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Mother’s Day Sales Will Grow 3.7 Percent

|Includes: AAPL, AM-OLD, AMZN, FLWS, GPS, Tiffany & Co. (TIF)
By IBISWorld Retail Analyst Nikoleta Panteva

This year, Mother’s Day is just two Sundays after Easter, which may hurt sales. Consumers are projected to spend 3.7 percent more on Mother’s Day purchases in 2011 than they did in 2010, to total $15.6 billion, but this growth is slightly low compared with the 5.0 percent and 5.8 percent sales growth that occurred at Easter and Valentine’s Day, respectively. However, most popular gift categories will still perform well this holiday:

Gift Category



($ billion)*


($ billion)*


($ billion)*

% annual change
















Greeting cards










Personal services





Special outings





Gift certificates















*All figures are in constant 2011 dollars

Flowers and jewelry, the perennial go-to presents for Mom, will likely experience high growth this year. Flower companies like 1-800-Flowers (NASDAQ:FLWS) are making it easier to buy gifts by offering bouquet and gift baskets that are available for same-day local delivery.

Jewelry sales have already begun to rebound and special holidays like Mother’s Day give these companies an additional boost in sales.  Major jewelry retailer Tiffany & Co. (NYSE:TIF) is even offering special Mom-centric pieces like personalized charms and pearl necklaces. The return to luxury spending, coupled with the sentimental meaning of jewelry gifts, will bode well for precious metal retailers this year.

Right on the heels of flowers and jewelry, which account for 15.1 percent and 16.7 percent of total Mother’s Day sales, electronics are expected to capture much of consumers’ dollars this year. The category, which ranges from kitchen appliances to e-readers, will likely record a 7.4 percent increase this holiday, accounting for 14.9 percent of total Mother’s Day sales and benefiting companies like Amazon (NASDAQ:AMZN) and Apple (NASDAQ:AAPL) due to the Kindle and iPad.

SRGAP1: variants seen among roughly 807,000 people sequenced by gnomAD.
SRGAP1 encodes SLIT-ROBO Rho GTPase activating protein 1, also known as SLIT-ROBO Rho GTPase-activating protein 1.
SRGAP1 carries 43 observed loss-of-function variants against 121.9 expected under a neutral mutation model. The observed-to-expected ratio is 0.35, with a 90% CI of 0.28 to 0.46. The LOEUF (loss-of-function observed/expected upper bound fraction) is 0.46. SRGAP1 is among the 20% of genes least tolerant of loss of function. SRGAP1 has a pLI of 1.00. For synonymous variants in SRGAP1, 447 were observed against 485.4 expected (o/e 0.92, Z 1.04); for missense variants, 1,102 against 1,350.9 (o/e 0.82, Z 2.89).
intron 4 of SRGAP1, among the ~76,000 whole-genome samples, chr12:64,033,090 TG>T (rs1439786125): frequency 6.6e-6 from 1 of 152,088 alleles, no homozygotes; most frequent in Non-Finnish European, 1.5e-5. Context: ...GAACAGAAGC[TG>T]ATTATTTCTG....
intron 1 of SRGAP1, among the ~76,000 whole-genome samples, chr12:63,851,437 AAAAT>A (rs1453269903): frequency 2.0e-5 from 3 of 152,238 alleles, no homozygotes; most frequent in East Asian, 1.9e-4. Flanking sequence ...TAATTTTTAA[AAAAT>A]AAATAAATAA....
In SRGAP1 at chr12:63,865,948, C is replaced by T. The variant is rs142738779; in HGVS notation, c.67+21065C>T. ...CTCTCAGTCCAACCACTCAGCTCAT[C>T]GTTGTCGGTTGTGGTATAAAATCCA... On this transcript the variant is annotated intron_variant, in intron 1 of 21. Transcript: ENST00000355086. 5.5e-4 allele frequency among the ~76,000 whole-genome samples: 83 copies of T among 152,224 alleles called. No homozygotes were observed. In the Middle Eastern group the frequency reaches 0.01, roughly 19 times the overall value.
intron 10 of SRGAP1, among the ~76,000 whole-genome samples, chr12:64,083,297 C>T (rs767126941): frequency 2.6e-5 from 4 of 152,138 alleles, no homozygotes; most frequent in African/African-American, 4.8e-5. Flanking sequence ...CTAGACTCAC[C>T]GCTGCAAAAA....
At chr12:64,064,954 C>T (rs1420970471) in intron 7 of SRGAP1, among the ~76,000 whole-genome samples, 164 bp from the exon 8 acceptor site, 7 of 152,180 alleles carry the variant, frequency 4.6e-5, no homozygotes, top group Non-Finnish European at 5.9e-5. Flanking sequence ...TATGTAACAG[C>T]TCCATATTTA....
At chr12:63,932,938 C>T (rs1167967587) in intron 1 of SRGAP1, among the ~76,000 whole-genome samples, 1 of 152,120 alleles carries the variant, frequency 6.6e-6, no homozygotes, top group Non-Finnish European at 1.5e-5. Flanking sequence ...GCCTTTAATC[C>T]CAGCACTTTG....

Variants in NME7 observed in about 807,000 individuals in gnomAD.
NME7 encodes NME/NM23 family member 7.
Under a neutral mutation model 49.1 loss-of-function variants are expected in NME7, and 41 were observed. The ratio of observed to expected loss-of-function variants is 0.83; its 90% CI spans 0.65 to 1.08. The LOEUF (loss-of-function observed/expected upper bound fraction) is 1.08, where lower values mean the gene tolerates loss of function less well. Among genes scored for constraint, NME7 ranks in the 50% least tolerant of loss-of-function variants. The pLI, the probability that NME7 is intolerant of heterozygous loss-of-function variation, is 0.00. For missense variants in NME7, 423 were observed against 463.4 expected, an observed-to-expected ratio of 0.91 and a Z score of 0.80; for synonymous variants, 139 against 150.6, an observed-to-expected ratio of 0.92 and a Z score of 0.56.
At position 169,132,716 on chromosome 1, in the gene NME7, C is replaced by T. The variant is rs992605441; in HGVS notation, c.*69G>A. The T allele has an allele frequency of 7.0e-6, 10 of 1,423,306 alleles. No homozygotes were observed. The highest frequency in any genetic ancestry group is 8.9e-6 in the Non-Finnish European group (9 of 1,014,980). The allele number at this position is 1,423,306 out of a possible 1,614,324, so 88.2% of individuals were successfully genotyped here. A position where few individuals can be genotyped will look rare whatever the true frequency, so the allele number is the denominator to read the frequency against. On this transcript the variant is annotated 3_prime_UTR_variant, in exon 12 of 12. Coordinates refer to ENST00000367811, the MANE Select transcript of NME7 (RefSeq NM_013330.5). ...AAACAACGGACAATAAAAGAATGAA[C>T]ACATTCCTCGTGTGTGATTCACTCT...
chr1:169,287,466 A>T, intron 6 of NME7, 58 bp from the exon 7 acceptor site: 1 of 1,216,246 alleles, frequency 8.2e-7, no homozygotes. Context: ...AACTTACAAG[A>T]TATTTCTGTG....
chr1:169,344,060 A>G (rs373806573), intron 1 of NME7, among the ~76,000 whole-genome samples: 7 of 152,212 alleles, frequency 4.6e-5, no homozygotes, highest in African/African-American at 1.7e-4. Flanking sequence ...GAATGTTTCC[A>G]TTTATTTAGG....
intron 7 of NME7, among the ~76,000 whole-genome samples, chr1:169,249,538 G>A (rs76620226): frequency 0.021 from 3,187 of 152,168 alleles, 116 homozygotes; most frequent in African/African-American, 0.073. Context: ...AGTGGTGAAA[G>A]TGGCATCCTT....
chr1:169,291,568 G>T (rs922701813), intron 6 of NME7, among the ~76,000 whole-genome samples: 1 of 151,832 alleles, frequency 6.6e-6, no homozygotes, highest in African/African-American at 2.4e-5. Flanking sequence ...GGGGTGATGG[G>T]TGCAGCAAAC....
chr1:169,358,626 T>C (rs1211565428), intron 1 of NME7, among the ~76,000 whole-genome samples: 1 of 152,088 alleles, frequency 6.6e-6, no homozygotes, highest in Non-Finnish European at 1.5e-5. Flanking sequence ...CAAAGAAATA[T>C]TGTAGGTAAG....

Other categories are not expected to record such strong growth, primarily due to competing festivities like Easter and Cinco de Mayo. Expenditure on special outings, like brunch or dinner, is expected to grow only incrementally, by 0.9 percent. Greeting cards, which are typically a staple of the holiday, are only slated to grow by 2.5 percent, impacting companies like American Greetings Corporation (NYSE:AM).  Time-crunched consumers will likely opt for more convenient purchases like flowers over cards.

Gift certificates are expected to lose sales this year. As consumers return to spending their hard-earned dollars, IBISWorld anticipates that they will choose more personalized gifts, like jewelry. Therefore, certificate sales are likely to decline by 1.7 percent. For the same reason, clothing purchases at stores like The Gap (NYSE:GPS) are expected to take a back seat this year; however, the rising price of cotton will mitigate losses, resulting in a total gain of 2.0 percent through the holiday. Other items, like physical books and DVDs, will likely grow 2.0 percent.